The screen image below (taken from the Locations map area of the IWMW Linked Data application) shows this information, providing details of the speakers and facilitators from the University of Southampton at recent events (this being public information) and a summary  of the total numbers of participants from the institution.   The image also shows the information taken from DBpedia, which includes information that the institution is part of the Russell group, together with details of, for example, the student numbers.

This illustrates access via a specific institution. It is also possible to view such information for all institutions which have participated at recent event events. Illustrated below are the results of such a query sorted by the total number of registrations.

It should be noted that what is referred to as the ‘Loyalty rate’ is calculated as the total registrations / total persons registering. This gives a general indication of how many annual IWMW events, on average, each person registering from a specified institution (or company) has attended.

What Next?

This work has provided UKOLN with a better understanding of the impact the IWMW series of events has had across the HE sector.  We can now see the institutions which have contributed to or attended significant numbers of events and, conversely, those which haven’t. And although such information could be obtained through use of a internal database the integration with the institutional data could not realistically have been achieved without use of a Linked Data approach.

Our next step will be to include information about the speakers and participants at the IWMW events and the topics of their sessions.  As described previously such information is available at stable URIs. However we are waiting for an upgrade to the Drupal software before we begin on this next step.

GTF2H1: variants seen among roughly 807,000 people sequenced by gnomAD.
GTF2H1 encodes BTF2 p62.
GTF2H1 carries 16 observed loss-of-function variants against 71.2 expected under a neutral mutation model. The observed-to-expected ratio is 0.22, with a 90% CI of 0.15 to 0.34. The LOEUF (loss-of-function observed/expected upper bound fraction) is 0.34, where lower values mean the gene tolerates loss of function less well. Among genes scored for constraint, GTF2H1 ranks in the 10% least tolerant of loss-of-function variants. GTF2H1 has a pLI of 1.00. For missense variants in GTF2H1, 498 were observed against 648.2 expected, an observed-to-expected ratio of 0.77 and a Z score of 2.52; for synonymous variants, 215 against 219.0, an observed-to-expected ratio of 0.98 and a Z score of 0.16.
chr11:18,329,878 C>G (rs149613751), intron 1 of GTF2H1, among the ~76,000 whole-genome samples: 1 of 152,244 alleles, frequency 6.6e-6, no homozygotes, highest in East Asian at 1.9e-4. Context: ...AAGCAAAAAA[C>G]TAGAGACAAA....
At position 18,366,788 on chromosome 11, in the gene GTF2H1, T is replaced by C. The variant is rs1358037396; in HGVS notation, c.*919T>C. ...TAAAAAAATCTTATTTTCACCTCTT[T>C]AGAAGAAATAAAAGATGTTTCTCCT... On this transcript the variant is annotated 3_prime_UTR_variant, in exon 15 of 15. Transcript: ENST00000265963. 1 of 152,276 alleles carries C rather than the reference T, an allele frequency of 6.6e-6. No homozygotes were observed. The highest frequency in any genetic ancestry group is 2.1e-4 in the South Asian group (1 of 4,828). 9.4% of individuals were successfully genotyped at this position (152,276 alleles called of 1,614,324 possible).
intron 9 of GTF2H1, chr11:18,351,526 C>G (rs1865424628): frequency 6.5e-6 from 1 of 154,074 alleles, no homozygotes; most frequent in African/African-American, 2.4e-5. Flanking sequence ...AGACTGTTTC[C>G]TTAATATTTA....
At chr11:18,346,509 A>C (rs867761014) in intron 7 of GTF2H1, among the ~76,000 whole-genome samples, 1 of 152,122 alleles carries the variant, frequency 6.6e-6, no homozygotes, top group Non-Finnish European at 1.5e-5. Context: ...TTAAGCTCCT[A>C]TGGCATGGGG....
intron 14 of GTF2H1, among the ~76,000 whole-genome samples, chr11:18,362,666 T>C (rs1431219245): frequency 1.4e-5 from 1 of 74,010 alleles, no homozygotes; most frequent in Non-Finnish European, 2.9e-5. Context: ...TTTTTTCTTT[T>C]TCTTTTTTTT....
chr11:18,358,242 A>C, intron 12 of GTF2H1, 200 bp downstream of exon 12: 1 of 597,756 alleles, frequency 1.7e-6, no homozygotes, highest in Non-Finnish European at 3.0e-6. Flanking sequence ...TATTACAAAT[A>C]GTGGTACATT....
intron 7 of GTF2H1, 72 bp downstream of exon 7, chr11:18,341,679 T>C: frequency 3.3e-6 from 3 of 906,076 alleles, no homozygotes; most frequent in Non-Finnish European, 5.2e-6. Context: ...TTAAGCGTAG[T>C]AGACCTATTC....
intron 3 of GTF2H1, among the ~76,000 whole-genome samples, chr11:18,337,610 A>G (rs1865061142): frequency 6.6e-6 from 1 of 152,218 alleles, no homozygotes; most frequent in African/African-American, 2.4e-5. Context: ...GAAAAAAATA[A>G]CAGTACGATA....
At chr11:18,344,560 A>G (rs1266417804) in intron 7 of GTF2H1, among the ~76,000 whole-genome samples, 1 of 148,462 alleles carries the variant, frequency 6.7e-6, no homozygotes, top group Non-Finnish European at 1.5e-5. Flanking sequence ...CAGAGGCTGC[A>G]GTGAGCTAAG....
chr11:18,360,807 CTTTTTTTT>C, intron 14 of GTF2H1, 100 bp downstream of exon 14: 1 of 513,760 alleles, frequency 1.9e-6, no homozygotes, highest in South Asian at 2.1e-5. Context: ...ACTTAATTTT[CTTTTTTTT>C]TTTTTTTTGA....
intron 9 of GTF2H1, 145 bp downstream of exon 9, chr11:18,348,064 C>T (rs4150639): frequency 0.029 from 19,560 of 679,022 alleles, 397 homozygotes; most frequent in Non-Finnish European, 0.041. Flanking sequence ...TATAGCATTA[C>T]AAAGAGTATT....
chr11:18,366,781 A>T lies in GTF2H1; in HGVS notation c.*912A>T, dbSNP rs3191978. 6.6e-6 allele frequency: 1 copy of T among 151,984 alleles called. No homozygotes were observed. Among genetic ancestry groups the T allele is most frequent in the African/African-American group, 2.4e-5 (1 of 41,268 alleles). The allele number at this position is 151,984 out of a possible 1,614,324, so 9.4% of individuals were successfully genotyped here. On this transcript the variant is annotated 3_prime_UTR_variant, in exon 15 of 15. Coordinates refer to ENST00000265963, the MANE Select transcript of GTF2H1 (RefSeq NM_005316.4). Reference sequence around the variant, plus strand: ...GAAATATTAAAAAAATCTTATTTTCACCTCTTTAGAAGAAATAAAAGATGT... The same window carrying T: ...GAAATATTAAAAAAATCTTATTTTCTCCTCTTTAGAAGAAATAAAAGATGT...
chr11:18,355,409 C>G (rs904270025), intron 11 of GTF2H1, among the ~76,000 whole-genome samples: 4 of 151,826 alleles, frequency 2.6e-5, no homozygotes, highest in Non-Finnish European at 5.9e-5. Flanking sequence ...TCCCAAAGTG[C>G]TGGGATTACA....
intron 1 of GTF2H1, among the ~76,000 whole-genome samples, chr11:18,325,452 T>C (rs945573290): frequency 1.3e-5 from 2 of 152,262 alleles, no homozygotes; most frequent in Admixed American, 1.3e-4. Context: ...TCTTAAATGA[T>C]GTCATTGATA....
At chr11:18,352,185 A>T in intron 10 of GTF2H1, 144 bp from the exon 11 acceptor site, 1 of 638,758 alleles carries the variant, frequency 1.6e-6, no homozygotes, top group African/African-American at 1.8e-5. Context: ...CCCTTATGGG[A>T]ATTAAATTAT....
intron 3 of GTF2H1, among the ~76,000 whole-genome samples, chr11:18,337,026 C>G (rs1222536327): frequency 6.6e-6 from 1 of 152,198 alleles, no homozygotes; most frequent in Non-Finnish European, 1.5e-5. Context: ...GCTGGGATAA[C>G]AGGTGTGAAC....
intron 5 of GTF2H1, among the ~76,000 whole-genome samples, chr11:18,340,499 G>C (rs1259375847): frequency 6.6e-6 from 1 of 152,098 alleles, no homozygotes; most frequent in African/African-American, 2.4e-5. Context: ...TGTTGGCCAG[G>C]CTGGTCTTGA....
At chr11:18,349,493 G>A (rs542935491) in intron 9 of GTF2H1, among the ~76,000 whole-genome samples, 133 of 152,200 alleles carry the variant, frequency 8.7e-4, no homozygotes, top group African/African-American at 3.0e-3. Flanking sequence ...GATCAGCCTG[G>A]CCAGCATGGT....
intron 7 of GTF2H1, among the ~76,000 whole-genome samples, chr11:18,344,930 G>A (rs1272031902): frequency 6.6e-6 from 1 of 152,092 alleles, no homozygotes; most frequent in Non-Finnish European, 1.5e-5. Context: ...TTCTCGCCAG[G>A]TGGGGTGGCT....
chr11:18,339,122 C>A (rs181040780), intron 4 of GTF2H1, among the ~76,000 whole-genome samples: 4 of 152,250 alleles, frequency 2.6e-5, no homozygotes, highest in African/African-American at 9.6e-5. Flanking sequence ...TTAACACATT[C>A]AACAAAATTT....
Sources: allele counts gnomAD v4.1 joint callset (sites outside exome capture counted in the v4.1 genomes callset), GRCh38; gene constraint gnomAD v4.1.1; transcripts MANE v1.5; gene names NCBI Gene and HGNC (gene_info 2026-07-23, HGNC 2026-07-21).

We hope this summary illustrates some of the benefits which use of Linked Data can provide.

4 Responses to “Linked Data for Events: the IWMW Case Study”

  1. Les Carr said

    Mashing up around individual identities and institutions seems a good idea. Of course lanyrd and crowdvine do some of that in the social domain, but it would be great to develop some community best practice around conference chairs facilitating open and linked data from their access to the administrative information.

    What’s the best forum for doing this? There’s the royal society web science meeting next week (v high profile) and I’d like to make sure we do that right!

  2. I already mailed laynrd about linked data but didn’t get a response.

    Don’t forget our programme schema:

    I’m slowly working on tools for visualising it nicely
    (Still a work in progress)

    I could add a RDF to RSS converter if you are dead set on providing RSS of event streams.